Workers dump Ebola bodies in salary protest

Tuesday November 25 2014

Liberian health workers at  Doctors Without Borders (MSF) Ebola treatment centre in Monrovia on October 18, 2014. A UN employee flown to France for treatment after contracting Ebola in Sierra Leone has been cured and has left the country.  PHOTO | ZOOM DOSSO |

Liberian health workers at Doctors Without Borders (MSF) Ebola treatment centre in Monrovia. Burial workers in the Sierra Leonean city of Kenema have dumped bodies in public in protest at non-payment of allowances for handling Ebola victims. PHOTO | ZOOM DOSSO |  AFP

KENEMA, Tuesday
Burial workers in the Sierra Leonean city of Kenema have dumped bodies in public in protest at non-payment of allowances for handling Ebola victims.

The workers, who have gone on strike over the issue, left 15 bodies abandoned at the city’s main hospital today.

One of the bodies was reportedly left by the hospital manager’s office and two others by the hospital entrance.

Sierra Leone is one of the countries worst affected by this year’s Ebola outbreak, with more than 1,200 deaths. Burial worker at Kenema Burial workers are especially at risk of becoming infected.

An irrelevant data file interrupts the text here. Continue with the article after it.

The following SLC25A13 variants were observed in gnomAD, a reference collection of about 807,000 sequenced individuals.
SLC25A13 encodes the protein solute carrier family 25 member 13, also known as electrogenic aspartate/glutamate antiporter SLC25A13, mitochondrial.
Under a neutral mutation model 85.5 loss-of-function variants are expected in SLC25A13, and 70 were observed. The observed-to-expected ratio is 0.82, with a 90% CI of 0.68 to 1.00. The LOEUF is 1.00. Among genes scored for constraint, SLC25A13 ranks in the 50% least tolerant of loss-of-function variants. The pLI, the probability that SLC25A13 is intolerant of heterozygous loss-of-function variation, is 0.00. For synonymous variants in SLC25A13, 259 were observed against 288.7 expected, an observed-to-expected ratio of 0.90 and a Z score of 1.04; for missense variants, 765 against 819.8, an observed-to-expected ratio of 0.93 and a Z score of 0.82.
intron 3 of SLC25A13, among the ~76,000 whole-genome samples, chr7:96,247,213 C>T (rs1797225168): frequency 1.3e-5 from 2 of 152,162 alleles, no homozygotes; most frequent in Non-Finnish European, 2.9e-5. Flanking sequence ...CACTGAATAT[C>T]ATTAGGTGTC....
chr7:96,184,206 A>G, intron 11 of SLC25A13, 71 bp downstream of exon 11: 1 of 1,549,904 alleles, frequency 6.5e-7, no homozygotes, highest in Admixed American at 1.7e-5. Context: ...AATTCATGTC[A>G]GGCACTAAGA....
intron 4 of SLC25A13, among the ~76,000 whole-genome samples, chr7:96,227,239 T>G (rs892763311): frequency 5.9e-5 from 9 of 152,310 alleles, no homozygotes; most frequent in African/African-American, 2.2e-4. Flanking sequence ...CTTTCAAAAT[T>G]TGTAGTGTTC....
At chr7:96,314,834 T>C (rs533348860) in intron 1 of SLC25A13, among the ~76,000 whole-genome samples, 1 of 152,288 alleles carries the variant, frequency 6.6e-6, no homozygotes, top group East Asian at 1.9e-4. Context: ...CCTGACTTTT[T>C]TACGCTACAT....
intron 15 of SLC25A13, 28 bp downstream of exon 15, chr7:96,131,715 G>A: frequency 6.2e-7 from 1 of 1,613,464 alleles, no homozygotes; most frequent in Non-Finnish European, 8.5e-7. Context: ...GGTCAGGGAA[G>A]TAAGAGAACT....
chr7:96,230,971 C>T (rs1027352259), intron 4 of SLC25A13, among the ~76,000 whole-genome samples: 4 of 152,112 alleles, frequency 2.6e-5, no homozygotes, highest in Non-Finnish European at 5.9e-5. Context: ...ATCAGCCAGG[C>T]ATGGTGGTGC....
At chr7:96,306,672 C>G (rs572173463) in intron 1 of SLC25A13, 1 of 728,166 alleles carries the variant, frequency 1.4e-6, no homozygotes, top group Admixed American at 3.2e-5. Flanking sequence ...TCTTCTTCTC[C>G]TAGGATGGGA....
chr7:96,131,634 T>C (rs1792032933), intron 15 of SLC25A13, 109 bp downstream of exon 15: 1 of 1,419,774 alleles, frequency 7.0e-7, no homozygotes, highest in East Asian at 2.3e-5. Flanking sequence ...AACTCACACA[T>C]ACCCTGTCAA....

Kenema is the third largest city in Sierra Leone and the biggest in the east, where the Ebola outbreak first emerged in the country.

The burial workers told a BBC reporter they had not been paid agreed extra risk allowances for October and November.

The bodies have now been taken away but the workers remain on strike.

There has been no immediate comment by the hospital’s management or the Sierra Leonean health ministry.

DANGER AFTER DEATH

The burial workers’ industrial action comes two weeks after health workers went on strike for similar reasons at a clinic near Bo - the only facility in southern Sierra Leone treating Ebola victims.
Ebola has killed more than 5,000 people in West Africa this year, mostly in Guinea, Liberia and Sierra Leone.

The World Health Organisation (WHO) has declared the outbreak a global health emergency.

People are infected when they have direct contact through broken skin, or the mouth and nose, with the blood, vomit, faeces or bodily fluids of someone with Ebola.

Meanwhile, an Italian doctor who contracted Ebola in Sierra Leone arrived Tuesday in Rome, where he will receive specialist treatment, media reported.
The doctor, the first Italian to be infected with the disease, was flown into the military airport of Pratica di Mare, outside the capital.

The doctor, who reports say is a 50-year-old man, was transported in a specially sealed unit on board a military plane, TV pictures showed.

He will be hospitalised at the Lazzaro Spallanzani national institute for infectious diseases.

The Italian health ministry said he has not yet developed feverish symptoms and his general condition is good.

The doctor was working for the charity Emergency at a clinic for Ebola victims.(BBC and AFP)